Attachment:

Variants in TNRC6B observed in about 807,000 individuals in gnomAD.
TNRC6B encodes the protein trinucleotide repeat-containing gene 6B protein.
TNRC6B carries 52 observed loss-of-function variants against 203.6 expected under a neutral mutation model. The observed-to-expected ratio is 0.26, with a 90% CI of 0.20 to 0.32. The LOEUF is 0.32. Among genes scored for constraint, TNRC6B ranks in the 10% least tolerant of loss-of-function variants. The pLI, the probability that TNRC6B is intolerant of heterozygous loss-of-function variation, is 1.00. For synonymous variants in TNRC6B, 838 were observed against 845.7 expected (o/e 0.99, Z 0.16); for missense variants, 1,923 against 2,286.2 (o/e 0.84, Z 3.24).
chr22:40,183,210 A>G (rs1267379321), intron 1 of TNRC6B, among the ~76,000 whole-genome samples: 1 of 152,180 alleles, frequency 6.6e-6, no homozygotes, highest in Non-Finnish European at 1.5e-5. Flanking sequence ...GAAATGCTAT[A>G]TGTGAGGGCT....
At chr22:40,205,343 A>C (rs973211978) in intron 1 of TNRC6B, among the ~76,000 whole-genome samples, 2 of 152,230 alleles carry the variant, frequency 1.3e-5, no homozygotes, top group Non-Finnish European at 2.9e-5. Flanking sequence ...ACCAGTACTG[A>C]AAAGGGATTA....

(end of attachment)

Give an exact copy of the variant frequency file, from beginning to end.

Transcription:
Variants in TNRC6B observed in about 807,000 individuals in gnomAD.
TNRC6B encodes the protein trinucleotide repeat-containing gene 6B protein.
TNRC6B carries 52 observed loss-of-function variants against 203.6 expected under a neutral mutation model. The observed-to-expected ratio is 0.26, with a 90% CI of 0.20 to 0.32. The LOEUF is 0.32. Among genes scored for constraint, TNRC6B ranks in the 10% least tolerant of loss-of-function variants. The pLI, the probability that TNRC6B is intolerant of heterozygous loss-of-function variation, is 1.00. For synonymous variants in TNRC6B, 838 were observed against 845.7 expected (o/e 0.99, Z 0.16); for missense variants, 1,923 against 2,286.2 (o/e 0.84, Z 3.24).
chr22:40,183,210 A>G (rs1267379321), intron 1 of TNRC6B, among the ~76,000 whole-genome samples: 1 of 152,180 alleles, frequency 6.6e-6, no homozygotes, highest in Non-Finnish European at 1.5e-5. Flanking sequence ...GAAATGCTAT[A>G]TGTGAGGGCT....
At chr22:40,205,343 A>C (rs973211978) in intron 1 of TNRC6B, among the ~76,000 whole-genome samples, 2 of 152,230 alleles carry the variant, frequency 1.3e-5, no homozygotes, top group Non-Finnish European at 2.9e-5. Flanking sequence ...ACCAGTACTG[A>C]AAAGGGATTA....